UWCSA hosts fourth annual Colloquium on Zoom

Fri. Feb. 26, 2021

The University of Winnipeg Classics Students Association held their annual undergraduate research colloquium – now in its fourth year – via Zoom on February 26th, from 1:00-3:00PM. UWCSA president McKenzie Stewart introduced the colloquium and then turned things over to four students who gave three presentations.

 

The Lux Project: COVID Edition, presented by Bourke Karras and Kira Lang

Bourke Karras and Kira Lang discussed their work with UWinnipeg’s Lux Project, which aims to understand the history of the Hetherington Collection of Roman and Egyptian Artifacts and share the collection with the broader world outside of the University. The two of them gave a short history of the project before they delved into how things changed when the COVID-19 pandemic closed campus in March 2020. Instead of being able to work in a lab, measure and analyze artifacts, and take photos, the Lux Project group turned to online research work and outreach. Bourke explained how she used digitized archives at the University of Manitoba to access notebooks and other material rom the early 20th century that pertains to how these artifacts ended up in Winnipeg; she suggested that a network of Methodist institutions participated in funding digs in Egypt and therefore obtaining artifacts. Kira Lang discussed the other objects beyond lamps in the Hetherington Collection and presented on the use of Shabti and other grave goods in ancient Egyptian funerary ritual. Both presenters pointed to the public outreach aspect of Lux: students have made worksheets for elementary and middle school students (and their homeschooling parents), and the group has plans to use “Google Expedition” to make more outreach efforts.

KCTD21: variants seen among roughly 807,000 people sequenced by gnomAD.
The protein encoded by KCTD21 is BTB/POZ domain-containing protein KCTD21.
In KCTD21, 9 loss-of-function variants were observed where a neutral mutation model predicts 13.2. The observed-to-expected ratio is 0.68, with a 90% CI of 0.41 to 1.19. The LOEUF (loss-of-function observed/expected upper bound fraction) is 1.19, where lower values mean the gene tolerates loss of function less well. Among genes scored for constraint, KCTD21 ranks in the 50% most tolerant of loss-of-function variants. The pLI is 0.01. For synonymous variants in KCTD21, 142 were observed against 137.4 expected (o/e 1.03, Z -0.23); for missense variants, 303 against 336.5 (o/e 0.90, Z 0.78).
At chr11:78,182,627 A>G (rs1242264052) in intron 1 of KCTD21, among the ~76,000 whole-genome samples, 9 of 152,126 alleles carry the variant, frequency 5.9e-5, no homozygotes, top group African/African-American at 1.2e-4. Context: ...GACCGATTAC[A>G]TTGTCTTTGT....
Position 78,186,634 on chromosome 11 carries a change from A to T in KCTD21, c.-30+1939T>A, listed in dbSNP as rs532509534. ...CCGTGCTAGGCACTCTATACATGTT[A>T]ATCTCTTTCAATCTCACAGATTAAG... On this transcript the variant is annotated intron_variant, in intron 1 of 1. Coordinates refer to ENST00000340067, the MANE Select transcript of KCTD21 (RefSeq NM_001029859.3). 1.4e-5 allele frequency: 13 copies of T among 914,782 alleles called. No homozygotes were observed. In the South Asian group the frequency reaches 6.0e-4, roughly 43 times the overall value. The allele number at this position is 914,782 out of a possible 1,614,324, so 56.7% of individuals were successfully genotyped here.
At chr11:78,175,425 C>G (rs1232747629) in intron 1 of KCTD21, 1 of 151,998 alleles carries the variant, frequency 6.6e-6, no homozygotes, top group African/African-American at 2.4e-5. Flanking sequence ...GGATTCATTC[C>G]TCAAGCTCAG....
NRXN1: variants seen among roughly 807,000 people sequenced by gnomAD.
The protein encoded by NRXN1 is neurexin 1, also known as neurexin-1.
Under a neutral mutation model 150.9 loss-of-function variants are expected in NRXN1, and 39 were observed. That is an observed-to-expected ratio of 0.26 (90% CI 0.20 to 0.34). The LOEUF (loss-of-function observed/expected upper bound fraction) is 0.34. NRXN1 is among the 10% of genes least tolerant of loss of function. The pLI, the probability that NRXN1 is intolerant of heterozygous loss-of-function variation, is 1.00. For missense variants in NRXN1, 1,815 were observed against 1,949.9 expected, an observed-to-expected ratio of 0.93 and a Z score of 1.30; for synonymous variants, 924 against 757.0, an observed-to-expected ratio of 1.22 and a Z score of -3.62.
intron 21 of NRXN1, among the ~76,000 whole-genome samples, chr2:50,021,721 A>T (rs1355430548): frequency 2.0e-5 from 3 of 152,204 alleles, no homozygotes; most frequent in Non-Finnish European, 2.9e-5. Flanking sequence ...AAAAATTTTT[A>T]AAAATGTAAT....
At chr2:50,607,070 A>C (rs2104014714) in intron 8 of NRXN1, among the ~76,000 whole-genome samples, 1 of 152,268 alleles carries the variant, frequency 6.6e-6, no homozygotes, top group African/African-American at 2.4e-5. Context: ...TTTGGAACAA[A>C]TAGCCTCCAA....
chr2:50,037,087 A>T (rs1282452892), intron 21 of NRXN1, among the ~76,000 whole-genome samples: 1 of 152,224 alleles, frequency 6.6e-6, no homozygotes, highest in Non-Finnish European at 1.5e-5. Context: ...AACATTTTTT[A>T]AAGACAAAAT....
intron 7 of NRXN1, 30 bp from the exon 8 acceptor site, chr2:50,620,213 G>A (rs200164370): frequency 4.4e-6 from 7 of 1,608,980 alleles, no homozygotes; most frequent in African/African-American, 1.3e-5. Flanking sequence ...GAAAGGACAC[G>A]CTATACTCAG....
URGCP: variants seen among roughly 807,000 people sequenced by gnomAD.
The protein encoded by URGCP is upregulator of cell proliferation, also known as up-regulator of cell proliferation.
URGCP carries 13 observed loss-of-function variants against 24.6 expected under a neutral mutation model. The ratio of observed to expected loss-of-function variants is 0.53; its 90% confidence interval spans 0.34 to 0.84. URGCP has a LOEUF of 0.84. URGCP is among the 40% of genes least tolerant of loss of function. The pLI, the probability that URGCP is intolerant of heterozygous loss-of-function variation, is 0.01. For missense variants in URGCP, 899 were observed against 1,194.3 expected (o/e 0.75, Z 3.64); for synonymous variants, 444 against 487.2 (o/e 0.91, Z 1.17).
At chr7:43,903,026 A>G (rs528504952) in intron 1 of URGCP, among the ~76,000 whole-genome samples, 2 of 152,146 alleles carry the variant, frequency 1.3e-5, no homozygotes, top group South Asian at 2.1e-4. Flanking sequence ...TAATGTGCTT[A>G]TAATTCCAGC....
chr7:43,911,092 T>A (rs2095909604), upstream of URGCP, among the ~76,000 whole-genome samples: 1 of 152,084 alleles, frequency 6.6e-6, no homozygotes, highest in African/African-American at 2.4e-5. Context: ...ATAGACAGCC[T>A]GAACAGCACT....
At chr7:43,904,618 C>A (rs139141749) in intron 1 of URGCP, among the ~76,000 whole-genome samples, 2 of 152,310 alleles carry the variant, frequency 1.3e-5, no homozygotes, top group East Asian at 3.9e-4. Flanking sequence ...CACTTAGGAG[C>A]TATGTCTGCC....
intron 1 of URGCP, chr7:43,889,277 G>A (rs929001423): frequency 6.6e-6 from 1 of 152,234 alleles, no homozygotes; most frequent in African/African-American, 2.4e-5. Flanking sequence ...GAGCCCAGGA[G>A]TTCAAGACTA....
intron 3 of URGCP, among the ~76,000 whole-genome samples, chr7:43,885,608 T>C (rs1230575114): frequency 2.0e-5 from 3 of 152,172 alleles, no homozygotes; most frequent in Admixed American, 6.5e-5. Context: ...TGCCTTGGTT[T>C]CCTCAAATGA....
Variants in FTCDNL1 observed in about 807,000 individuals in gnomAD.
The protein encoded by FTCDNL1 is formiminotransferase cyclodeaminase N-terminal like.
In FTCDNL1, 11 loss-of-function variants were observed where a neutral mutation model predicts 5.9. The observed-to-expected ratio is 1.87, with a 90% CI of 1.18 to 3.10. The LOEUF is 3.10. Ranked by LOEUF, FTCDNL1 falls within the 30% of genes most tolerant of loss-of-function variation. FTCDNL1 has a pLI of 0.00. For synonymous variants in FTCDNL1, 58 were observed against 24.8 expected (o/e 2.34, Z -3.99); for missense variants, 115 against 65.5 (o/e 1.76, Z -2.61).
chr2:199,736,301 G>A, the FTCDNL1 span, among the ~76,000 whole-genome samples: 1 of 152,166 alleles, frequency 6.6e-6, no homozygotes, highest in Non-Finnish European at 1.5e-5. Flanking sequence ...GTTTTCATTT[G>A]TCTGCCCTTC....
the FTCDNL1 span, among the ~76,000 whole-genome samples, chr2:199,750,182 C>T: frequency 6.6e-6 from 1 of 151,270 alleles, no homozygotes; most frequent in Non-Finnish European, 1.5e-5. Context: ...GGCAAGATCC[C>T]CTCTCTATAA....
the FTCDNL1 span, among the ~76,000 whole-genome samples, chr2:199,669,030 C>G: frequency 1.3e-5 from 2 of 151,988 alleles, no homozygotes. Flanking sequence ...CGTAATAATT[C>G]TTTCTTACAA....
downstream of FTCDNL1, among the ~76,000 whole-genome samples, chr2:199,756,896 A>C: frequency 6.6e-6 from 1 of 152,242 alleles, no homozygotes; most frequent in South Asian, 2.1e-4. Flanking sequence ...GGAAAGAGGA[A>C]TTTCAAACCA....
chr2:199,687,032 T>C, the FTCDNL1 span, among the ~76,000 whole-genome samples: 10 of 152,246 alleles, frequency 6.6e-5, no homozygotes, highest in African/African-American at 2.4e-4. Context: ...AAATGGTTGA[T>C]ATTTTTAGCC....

View the presentation on YouTube

 

Considering Perspective: Understanding the Culture of the Hyksos, presented by Ryna Humniski

Ryna Humniski took us on an exploration of the mysterious Hyksos people, who supposedly invaded and conquered Egypt in the middle of the 16th century BCE. As Ryna pointed out, the Hyksos have been a mystery for years, though current research, especially on human remains, suggests that some oft hem, at least men, were not in fact recent “invaders” of Egypt, but rather foreign peoples who had settled, in some cases, for several generations. Ryna observed that history and archaeology tends to flatten out what are in fact the complex social identities that people have; the Hyksos (the name is Egyptian and not what they called themselves) may have been at times “foreign” or “Egyptian” regardless of the way that ancient Egyptian history (and some modern history) has understood them. Indeed, as Ryna concluded, peoples – then and now – are hard to fit into silos or boxes when it comes to various identities, and a challenge of historical research is to replicate this variety, not reduce it.

 

Theodora's True Power, presented by Spencer Paddock

Spencer Paddock’s presentation concerned one of the most famous women in Classical Antiquity, the Byzantine empress Theodora. Spencer contended that Theodora was one of the most powerful women in all of ancient history, and indeed in world history, at least until the reign of Elizabeth I of England. He presented a biography of the empress, from her humble origins as the daughter of a bear-baiter to her time on stage (and supposed occupation as a sex worker). As Spencer pointed out, in some Greek literary sources, Theodora is derided, especially for what some writers see as her undue influence on Justinian, but history shows that she wielded greater power: for example, she suggested that armed force be used to suppress the Nika Riots in 532 CE. Moreover, Theodora’s depiction in artwork of the period evinces a powerful empress, with a following all her own, especially among the Monophystite Christian community to which she belonged and which she championed.

View the presentation on YouTube

 

Screen shot of UWCSA Zoom Colloquium